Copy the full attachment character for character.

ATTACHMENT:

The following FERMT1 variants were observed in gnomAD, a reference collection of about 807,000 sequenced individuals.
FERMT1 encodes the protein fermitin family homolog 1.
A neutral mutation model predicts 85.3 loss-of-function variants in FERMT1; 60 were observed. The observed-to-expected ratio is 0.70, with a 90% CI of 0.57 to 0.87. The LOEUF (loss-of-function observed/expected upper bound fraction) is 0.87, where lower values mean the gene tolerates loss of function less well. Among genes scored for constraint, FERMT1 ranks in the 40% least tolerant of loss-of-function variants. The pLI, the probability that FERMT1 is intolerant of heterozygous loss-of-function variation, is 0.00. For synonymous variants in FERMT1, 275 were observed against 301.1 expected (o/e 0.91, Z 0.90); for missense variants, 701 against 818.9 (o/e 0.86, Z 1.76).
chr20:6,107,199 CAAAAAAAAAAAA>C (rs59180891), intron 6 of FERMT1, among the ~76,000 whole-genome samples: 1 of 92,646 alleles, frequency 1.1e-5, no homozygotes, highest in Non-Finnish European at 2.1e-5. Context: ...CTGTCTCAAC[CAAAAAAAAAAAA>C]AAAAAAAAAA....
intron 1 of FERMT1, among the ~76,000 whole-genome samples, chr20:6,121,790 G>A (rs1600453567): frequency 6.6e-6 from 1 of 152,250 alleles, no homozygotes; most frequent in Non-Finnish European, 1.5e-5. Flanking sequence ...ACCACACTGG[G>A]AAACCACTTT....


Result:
The following FERMT1 variants were observed in gnomAD, a reference collection of about 807,000 sequenced individuals.
FERMT1 encodes the protein fermitin family homolog 1.
A neutral mutation model predicts 85.3 loss-of-function variants in FERMT1; 60 were observed. The observed-to-expected ratio is 0.70, with a 90% CI of 0.57 to 0.87. The LOEUF (loss-of-function observed/expected upper bound fraction) is 0.87, where lower values mean the gene tolerates loss of function less well. Among genes scored for constraint, FERMT1 ranks in the 40% least tolerant of loss-of-function variants. The pLI, the probability that FERMT1 is intolerant of heterozygous loss-of-function variation, is 0.00. For synonymous variants in FERMT1, 275 were observed against 301.1 expected (o/e 0.91, Z 0.90); for missense variants, 701 against 818.9 (o/e 0.86, Z 1.76).
chr20:6,107,199 CAAAAAAAAAAAA>C (rs59180891), intron 6 of FERMT1, among the ~76,000 whole-genome samples: 1 of 92,646 alleles, frequency 1.1e-5, no homozygotes, highest in Non-Finnish European at 2.1e-5. Context: ...CTGTCTCAAC[CAAAAAAAAAAAA>C]AAAAAAAAAA....
intron 1 of FERMT1, among the ~76,000 whole-genome samples, chr20:6,121,790 G>A (rs1600453567): frequency 6.6e-6 from 1 of 152,250 alleles, no homozygotes; most frequent in Non-Finnish European, 1.5e-5. Flanking sequence ...ACCACACTGG[G>A]AAACCACTTT....